Monday, July 28, 2014

Armonia Ensemble Excels with Strauss Sonatinas

Richard Strauss: Wind Sonatinas
Armonia Ensemble
Berlin Classics


Wind music from one of the greatest orchestrators of all time played by the wind players of one of the greatest orchestras of all time. How could the results be anything less than satisfying?

Towards the end of his life, Richard Strauss ceded his role as an innovator and began writing works that unabashedly embraced the past -- which turned out to be just as innovative in their way. The 1943 Sonatina for 16 wind instruments was written during Strauss' recovery from influenza, hence the subtitle "From an Invalid's Workshop."

Strauss embraces a Mozartian ideal in this work, creating a composition of clarity and balance. He revisited the form the following year. The second wind sonatina "Happy workshop" is full of energy and good spirits.

Although  written only for winds, Strauss' orchestration genius dazzles the ear with imaginative instrumental combinations throughout these two sonatinas.

The Armonia Ensemble is basically the Gewandaus Orchestra of Leipzig's wind players. And that's a plus. Because they make these works sound orchestral. Wind ensembles can sometimes sound a little wanting, but not with the Armonia. This ensemble doesn't need strings to give it a rich, full sound. Attacks are clean, the blend is seamless, and the playing is inspired. A perfect match of music and musicians.

Tuesday, July 22, 2014

Your usual Friday fun ... on Thursday as well!

If you will honor us with your company on WTJU-91.1 FM, this week and next week, you'll have to put up with me for two morning shows.

Thursday Morning


On Thursday, I'll be hosting Classical Cafe, and to celebrate the birthday of French composer, Adolphe Adam, the first hour will be filled with ballet music: two suites from Giselle.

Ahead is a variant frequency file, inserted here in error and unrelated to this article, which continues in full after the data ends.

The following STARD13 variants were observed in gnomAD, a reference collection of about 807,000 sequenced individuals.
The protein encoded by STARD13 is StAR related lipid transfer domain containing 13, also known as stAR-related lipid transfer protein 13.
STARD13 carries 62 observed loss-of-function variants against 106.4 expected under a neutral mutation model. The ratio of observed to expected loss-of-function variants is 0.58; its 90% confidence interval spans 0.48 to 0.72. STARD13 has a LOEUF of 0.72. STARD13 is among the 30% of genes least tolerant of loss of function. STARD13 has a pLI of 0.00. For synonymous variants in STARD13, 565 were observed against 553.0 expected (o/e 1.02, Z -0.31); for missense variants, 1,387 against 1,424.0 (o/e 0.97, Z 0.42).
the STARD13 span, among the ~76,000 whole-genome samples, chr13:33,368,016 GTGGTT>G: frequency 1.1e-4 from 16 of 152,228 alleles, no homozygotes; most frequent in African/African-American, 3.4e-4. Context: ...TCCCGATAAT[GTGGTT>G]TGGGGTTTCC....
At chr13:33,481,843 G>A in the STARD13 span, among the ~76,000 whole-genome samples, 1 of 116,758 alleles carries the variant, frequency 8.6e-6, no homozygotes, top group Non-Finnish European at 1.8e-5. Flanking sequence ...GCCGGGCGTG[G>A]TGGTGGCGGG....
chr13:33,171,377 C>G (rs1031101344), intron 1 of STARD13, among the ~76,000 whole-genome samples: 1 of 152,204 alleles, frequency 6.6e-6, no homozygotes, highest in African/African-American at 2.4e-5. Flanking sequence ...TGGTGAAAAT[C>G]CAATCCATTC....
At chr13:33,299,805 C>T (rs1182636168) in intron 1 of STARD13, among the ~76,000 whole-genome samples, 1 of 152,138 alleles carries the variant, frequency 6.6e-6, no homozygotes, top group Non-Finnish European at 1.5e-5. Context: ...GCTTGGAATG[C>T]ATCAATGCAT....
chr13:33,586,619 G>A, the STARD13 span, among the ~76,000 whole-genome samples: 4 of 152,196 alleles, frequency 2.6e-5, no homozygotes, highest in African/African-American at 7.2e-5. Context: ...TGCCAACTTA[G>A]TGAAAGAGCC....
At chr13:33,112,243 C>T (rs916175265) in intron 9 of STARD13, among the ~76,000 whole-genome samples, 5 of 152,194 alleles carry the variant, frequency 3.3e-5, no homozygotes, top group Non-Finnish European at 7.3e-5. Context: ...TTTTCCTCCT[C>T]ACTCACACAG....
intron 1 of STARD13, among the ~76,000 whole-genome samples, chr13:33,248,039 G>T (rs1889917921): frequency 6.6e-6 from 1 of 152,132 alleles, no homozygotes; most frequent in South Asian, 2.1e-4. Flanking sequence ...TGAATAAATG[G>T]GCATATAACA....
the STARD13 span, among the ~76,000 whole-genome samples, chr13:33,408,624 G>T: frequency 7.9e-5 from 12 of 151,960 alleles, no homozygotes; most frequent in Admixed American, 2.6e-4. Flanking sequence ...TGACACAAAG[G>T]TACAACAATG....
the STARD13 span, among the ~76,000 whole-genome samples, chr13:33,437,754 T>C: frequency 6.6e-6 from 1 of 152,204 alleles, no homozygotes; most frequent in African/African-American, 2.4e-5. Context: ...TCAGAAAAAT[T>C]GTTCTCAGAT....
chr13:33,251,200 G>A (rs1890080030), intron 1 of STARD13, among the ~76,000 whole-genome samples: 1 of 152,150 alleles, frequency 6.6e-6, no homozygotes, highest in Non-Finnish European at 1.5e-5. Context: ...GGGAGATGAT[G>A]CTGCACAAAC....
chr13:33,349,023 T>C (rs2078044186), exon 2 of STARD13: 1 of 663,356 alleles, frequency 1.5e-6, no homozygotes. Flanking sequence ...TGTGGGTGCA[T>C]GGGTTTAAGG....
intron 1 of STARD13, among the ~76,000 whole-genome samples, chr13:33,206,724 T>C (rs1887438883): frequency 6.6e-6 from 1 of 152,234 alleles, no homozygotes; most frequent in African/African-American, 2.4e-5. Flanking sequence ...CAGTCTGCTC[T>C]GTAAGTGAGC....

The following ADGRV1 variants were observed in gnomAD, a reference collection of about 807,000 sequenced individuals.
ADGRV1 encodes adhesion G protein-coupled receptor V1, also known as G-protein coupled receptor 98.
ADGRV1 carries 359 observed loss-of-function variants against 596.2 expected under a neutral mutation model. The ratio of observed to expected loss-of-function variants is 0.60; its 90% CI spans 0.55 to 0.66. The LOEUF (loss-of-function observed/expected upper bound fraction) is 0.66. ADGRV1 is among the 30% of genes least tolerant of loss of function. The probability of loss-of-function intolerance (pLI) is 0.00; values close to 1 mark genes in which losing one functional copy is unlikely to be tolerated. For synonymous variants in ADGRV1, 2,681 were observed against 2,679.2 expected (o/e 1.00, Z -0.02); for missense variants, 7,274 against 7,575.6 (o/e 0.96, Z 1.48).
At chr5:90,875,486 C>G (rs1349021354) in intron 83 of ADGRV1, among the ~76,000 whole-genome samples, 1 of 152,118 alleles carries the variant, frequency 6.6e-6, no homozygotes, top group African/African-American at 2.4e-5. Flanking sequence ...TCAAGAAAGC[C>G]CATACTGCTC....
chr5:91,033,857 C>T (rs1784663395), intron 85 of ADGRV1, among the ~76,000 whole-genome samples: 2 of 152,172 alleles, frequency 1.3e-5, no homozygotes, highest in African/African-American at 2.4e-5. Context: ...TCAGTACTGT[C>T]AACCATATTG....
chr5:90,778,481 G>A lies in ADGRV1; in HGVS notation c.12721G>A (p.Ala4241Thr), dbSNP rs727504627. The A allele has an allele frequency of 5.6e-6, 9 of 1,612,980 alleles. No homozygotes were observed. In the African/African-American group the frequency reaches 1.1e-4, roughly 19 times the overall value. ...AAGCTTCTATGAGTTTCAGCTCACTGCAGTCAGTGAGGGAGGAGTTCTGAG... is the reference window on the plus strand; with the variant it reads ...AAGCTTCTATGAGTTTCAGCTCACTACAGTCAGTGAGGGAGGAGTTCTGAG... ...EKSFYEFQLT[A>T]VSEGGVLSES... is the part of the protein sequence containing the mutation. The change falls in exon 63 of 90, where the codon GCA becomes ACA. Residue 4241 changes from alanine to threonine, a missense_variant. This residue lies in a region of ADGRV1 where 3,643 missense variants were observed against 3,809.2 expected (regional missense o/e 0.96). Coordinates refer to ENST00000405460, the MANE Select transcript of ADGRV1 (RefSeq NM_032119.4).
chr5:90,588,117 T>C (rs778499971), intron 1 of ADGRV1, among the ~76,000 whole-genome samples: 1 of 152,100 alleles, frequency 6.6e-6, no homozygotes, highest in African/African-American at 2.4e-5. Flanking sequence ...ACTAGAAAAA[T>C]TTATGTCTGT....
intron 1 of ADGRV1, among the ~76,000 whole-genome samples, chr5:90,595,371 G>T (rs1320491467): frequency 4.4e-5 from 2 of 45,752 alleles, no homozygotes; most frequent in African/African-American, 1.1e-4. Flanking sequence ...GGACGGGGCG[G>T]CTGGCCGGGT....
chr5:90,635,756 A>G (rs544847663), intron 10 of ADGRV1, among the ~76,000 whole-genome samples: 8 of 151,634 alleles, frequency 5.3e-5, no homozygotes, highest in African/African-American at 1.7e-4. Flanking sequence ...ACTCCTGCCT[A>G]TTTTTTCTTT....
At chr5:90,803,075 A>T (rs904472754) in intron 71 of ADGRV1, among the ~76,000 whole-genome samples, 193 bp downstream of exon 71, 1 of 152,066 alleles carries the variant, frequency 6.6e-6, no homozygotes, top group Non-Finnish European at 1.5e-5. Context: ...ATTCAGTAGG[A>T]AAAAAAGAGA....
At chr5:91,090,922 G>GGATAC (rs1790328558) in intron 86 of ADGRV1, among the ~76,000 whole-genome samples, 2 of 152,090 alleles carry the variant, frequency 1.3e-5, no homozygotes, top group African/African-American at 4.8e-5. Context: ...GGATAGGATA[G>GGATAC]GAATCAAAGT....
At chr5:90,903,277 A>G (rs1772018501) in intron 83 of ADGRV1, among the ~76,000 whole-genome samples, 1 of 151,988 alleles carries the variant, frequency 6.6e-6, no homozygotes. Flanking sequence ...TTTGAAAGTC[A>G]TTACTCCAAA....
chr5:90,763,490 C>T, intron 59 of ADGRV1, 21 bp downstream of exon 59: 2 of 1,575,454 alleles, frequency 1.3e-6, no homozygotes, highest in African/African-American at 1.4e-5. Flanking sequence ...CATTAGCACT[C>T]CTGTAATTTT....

A short sample of the music you'll be hearing!

After 7 am, we'll hear a Boccherini Symphony and a Bassoon Concerto by Johann Christian Bach, and we'll mark the birthday of the inventive 20th Century Canadian/British composer, Robert Farnon.

Our third birthday of the morning is that of Swiss composer, Ernest Bloch:  we'll listen to his Jewish Poem No. 1, Dancing just after 8 am.  A Quartet by Devienne and a Quintet by Mozart will bring Classical Cafe to a delicious and satisfying conclusion.

 Friday Morning

If you'd like to come back for more vivacious music on Friday, Vivace will feature a flute and clarinet work by Franz Danzi and a harp concerto by the rarely-heard English composer, Elias Parish Alvars, whom Hector Berlioz called "the Franz Liszt of the harp".


At 7 am, we have some delightful music for lute by Haydn, a waltz by Carl Ziehrer and an oboe concerto by Franz Krommer.

After 8 am, we'll hear a concerto by Albinoni and music from two of the Mozart family, a Serenade by Wolfgang and a piano concerto by his son, Franz Xaver Mozart.


I hope you'll join us as you start your day.   I look forward to the pleasure of your company, on Thursday and Friday mornings, here on WTJU-Charlottesville.

Monday, July 21, 2014

Seattle Symphony Debuts Label with Faure

Gabriel Fauré: Masques et Bergamasques; Pelléas et Mélisande; Dolly; Pavane; Fantaisie; Berceuse; Élégie
Seattle Symphony
Seattle Symphony Chorale
Ludovic Morlot, conductor
Seattle Symphony Media


I received a package with three discs to review. When I asked a colleague which one to begin with, he said, "Start with the Fauré." It was good advice. The Seattle Symphony has started their own record label, and this inaugural release is a strong start.

The plush romanticism of Fauré's music seems a perfect match for the Seattle Symphony's ensemble sound. Pelléas et Mélisande was recorded before a particularly well-behaved live audience, and the entire program was recorded in installments over a two year period. Yet the album has a surprisingly uniform sound.

And what a sound! The recorded ensemble has an expansive, warm sound that serves the music well. A real standout is the Pavane, which includes the Seattle Symphony Chorale singing with the intimate delicacy of a chamber choir.

Ludovich Morlot brings out the personality of each work; the light-heartedness of Masques et Bergamasques, the charming innocence of Dolly. the dark beauty of Pelléas et Méllisande. And the featured soloists from within the orchestra are worthy of note, too. Flutist Demarre McGill (Fantaisie for Flute), violinist Alexander Velinzon (Berceuse), and cellist Efe Baltacigil (Élégie) effectively communicate the emotions of their respective works, making them much more substantial than mere showpieces.

My colleague was right. If you have a choice of what to listen to, start with the Fauré.